Agnieszka Kurant (b.1978) was born in Lodz, Poland. She studied History of Art at the University of Lodz, followed by Photography at a Film School in Lodz. In 2003 she graduated from Goldsmiths in Creative Curating before moving to New York, where she currently lives and works. In 2009 she was nominated for the international Henkel Art Award.
Agnieszka Kurant creates works that bridge the gap between fiction and reality, analysing the rapidly changing status of objects and the way in which they relate to the process of artistic creation and authenticity. Her work investigates the relationship between the immaterial and imaginary and the way these themes can influence contemporaneous political and economic systems.
Initially a curator, she became an artist once her curatorial activities surpassed the traditional expectations of that position. There is a residual conceptuality attached to her work that places great importance on the exhibition of her art as a whole. The main focus of the vast majority of her pieces is fantasy and it is embodied in capitalist systems, labour practices and production methods, as well as the technologically anomalous. Furthermore, her work represents a hybrid of the real and imaginary. She creates exhibitions which incorporate a multitude of tangible fictions: non-existent landmasses that have been integrated into traditional cartography; fictions within fictions are reified; and coins are exposed as a monetary myth. This is the world of phantoms her work inhabits.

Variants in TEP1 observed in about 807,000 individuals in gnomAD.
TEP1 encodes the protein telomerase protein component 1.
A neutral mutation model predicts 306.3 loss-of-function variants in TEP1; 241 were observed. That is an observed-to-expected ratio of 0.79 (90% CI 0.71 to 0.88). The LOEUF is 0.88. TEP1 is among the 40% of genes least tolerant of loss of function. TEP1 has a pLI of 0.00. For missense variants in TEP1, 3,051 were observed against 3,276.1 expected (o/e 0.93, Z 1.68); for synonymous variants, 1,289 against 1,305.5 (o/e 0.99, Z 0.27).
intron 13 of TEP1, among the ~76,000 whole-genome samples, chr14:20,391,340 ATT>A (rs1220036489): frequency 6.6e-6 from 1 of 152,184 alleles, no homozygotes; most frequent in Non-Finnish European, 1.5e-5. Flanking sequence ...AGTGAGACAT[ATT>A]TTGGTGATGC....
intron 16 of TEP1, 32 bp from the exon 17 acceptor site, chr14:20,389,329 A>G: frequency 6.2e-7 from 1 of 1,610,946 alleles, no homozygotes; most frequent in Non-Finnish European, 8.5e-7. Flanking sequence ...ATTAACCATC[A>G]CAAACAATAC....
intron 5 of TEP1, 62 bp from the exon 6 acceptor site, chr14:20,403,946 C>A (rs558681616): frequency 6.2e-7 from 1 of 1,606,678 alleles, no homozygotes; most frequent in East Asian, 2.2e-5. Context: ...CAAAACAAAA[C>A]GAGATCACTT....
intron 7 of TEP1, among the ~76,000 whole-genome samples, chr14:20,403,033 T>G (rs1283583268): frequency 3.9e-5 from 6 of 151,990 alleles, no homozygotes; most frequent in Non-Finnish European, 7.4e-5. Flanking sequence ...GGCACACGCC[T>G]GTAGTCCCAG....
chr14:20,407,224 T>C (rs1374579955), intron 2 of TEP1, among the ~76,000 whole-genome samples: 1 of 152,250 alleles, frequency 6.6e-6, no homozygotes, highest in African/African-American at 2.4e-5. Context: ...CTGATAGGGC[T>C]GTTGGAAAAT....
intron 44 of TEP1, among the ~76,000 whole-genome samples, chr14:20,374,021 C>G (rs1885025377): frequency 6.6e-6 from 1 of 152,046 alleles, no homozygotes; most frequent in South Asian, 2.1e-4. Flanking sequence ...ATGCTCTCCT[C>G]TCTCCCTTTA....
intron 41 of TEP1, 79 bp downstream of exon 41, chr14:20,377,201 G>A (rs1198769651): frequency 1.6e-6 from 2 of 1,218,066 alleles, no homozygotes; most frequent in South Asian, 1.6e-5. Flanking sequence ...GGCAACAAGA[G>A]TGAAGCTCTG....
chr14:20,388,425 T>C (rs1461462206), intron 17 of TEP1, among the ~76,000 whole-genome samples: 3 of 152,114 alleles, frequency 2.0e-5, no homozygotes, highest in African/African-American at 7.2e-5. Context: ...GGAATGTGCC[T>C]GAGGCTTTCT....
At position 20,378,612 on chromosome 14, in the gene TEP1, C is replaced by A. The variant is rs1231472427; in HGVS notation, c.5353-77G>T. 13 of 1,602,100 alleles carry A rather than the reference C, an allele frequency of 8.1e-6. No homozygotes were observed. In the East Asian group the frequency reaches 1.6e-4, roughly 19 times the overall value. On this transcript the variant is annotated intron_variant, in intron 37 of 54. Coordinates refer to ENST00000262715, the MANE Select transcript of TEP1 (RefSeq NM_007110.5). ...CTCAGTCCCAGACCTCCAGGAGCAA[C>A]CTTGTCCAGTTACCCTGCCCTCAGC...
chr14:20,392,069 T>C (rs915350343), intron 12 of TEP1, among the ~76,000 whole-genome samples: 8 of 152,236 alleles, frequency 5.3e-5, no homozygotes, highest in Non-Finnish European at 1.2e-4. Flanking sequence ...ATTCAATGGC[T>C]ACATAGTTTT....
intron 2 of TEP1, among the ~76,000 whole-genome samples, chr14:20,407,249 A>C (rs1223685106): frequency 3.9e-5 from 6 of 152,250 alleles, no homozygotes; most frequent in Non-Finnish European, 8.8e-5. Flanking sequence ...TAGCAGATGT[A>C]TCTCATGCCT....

Her works play with the malleability of languages and systems of meaning that tie into the loose concept of truth. Her works are an expression of the uniquely human ability to conjure things, both physical and conceptual, out of non-existence. Furthermore, this idea becomes a tangible subject within her work and reflects the aims of art to realize non-existent entities that are believably real. Consequently, she presents a society in continual flux, in which truth is defined by the equation of matter and knowledge. Thus, to what extent a “thing” exists relies upon its context and how readily a society accepts it. Integral to this proposition in the ability for truth to transition into myth once it is disproved. This is echoed in Kurant’s practice, as her works become comparably flexible, gaining the ability to transform and oscillate depending upon the micro and macro context in which they are evaluated.